Three of the four of you use prologues. Why is that?
Gennifer Albin: A good prologue is awesome, but it should serve a purpose. I write mine first. They always take place right before the story starts. They’re a bridge from the previous story to the new one. I firmly believe it’s the best page in my first novel. Hopefully it encapsulates what I’m trying to do in the whole book.
Leigh Bardugo: I knew when querying some agents were very anti-prologue, so I sent things from chapter one. All three of my books are framed with a before and after, and they are written last. I wanted to write in first person, but wanted the sure and steady third-person guiding hand that is typical of fantasy. So the prologue has the traditional fantasy feel.
Jessica Brody: Ive never heard till recently that prologues weren’t popular. A good prologue hooks you in fast. Each of my prologues will challenge my character with a different element (science vs nature is a major part of the series). I’m inspired by Leigh’s pattern to her prologues. My second book’s prologue is a flash forward. I think they’re great if you can find a purpose. Can’t be info dumps. Mine are called chapter zero.
Finally, what makes something a Fierce Read?
Jessica Brody: Something that makes you think and challenge the world around you. It brings reality to a new level, takes normal circumstances and takes them to the extreme.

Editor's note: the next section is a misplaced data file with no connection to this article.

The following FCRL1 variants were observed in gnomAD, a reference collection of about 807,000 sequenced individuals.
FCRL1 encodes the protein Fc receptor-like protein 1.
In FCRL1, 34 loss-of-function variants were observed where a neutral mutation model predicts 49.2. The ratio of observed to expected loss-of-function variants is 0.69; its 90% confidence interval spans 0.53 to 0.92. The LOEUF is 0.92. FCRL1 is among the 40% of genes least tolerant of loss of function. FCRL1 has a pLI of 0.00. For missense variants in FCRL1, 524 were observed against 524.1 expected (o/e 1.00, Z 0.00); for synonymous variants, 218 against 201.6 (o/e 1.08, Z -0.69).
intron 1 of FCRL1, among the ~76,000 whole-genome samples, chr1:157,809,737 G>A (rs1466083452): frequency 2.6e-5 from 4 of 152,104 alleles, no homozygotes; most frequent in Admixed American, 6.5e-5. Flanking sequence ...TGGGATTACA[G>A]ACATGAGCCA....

Ann Aguirre: A Fierce Read has an empowered heroine. I’m tired of books with passive girls who wait for others to solve their problems, wait for the boy, wait for their families to treat them better. I want to see a character standing proudly at the helm of her own life and want readers to see what’s possible if you try. In the last 2-3 years there has been a shift in the prevailing winds. There are a lot more empowered heroines.
Leigh Bardugo: There are lots of different ways to be empowered. For a time there was codified language used for a strong heroine. Now we can have heroines strong because they are clever or physically adept. There is so much range to build unique variety of characters.
About The Authors
Leigh Bardugo was born in Jerusalem, grew up in Los Angeles, and graduated from Yale University. These days, she lives in Hollywood, where she indulges her fondness for glamour, ghouls, and costuming in her other life as makeup artist L.B. Benson. Occasionally, she can be heard singing with her band, Captain Automatic.
She is the author of the New York Times Best Sellers, Shadow & Bone and Siege and Storm (Holt Children’s/ Macmillan). The final book in the Grisha Trilogy, Ruin and Rising, will be published in 2014. She is represented by Joanna Stampfel-Volpe of New Leaf.
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In four short years, Jessica has sold nine novels (two adult novels to St. Martin’s Press and seven young adult novels to Farrar, Straus, Giroux.) Jessica’s books are published and translated in over twenty foreign countries including the UK, France, Germany, Italy, Czech Republic, Norway, Denmark, China, Russia, Brazil, Poland, Bulgaria, Israel, and Taiwan. Jessica now works full time as a writer and producer. She currently splits her time between Los Angeles and Colorado.
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In her free time she sits on the National Novel Writing Month Advisory Board, laughs (and cries) with her mom writers group, and watches too much Doctor Who (if that's possible).
Gennifer lives in Poulsbo, Washington with her family.